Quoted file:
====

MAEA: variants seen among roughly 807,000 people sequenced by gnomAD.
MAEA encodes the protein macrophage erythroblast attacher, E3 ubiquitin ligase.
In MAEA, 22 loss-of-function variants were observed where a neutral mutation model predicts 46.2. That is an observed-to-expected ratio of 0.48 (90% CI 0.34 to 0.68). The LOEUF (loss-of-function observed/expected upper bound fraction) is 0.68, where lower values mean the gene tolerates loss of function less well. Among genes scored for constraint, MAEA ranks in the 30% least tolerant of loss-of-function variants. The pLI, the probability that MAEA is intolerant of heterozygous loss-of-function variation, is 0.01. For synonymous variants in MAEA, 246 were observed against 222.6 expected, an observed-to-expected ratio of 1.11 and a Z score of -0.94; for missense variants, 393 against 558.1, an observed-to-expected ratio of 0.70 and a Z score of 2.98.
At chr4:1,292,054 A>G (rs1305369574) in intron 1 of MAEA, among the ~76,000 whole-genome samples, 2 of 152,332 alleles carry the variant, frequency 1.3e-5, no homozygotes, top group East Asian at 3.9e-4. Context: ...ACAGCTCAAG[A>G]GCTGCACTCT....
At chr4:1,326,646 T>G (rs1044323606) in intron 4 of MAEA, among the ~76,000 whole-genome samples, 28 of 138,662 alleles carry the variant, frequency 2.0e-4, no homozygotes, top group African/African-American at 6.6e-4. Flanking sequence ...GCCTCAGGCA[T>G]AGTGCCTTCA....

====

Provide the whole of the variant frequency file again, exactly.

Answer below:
MAEA: variants seen among roughly 807,000 people sequenced by gnomAD.
MAEA encodes the protein macrophage erythroblast attacher, E3 ubiquitin ligase.
In MAEA, 22 loss-of-function variants were observed where a neutral mutation model predicts 46.2. That is an observed-to-expected ratio of 0.48 (90% CI 0.34 to 0.68). The LOEUF (loss-of-function observed/expected upper bound fraction) is 0.68, where lower values mean the gene tolerates loss of function less well. Among genes scored for constraint, MAEA ranks in the 30% least tolerant of loss-of-function variants. The pLI, the probability that MAEA is intolerant of heterozygous loss-of-function variation, is 0.01. For synonymous variants in MAEA, 246 were observed against 222.6 expected, an observed-to-expected ratio of 1.11 and a Z score of -0.94; for missense variants, 393 against 558.1, an observed-to-expected ratio of 0.70 and a Z score of 2.98.
At chr4:1,292,054 A>G (rs1305369574) in intron 1 of MAEA, among the ~76,000 whole-genome samples, 2 of 152,332 alleles carry the variant, frequency 1.3e-5, no homozygotes, top group East Asian at 3.9e-4. Context: ...ACAGCTCAAG[A>G]GCTGCACTCT....
At chr4:1,326,646 T>G (rs1044323606) in intron 4 of MAEA, among the ~76,000 whole-genome samples, 28 of 138,662 alleles carry the variant, frequency 2.0e-4, no homozygotes, top group African/African-American at 6.6e-4. Flanking sequence ...GCCTCAGGCA[T>G]AGTGCCTTCA....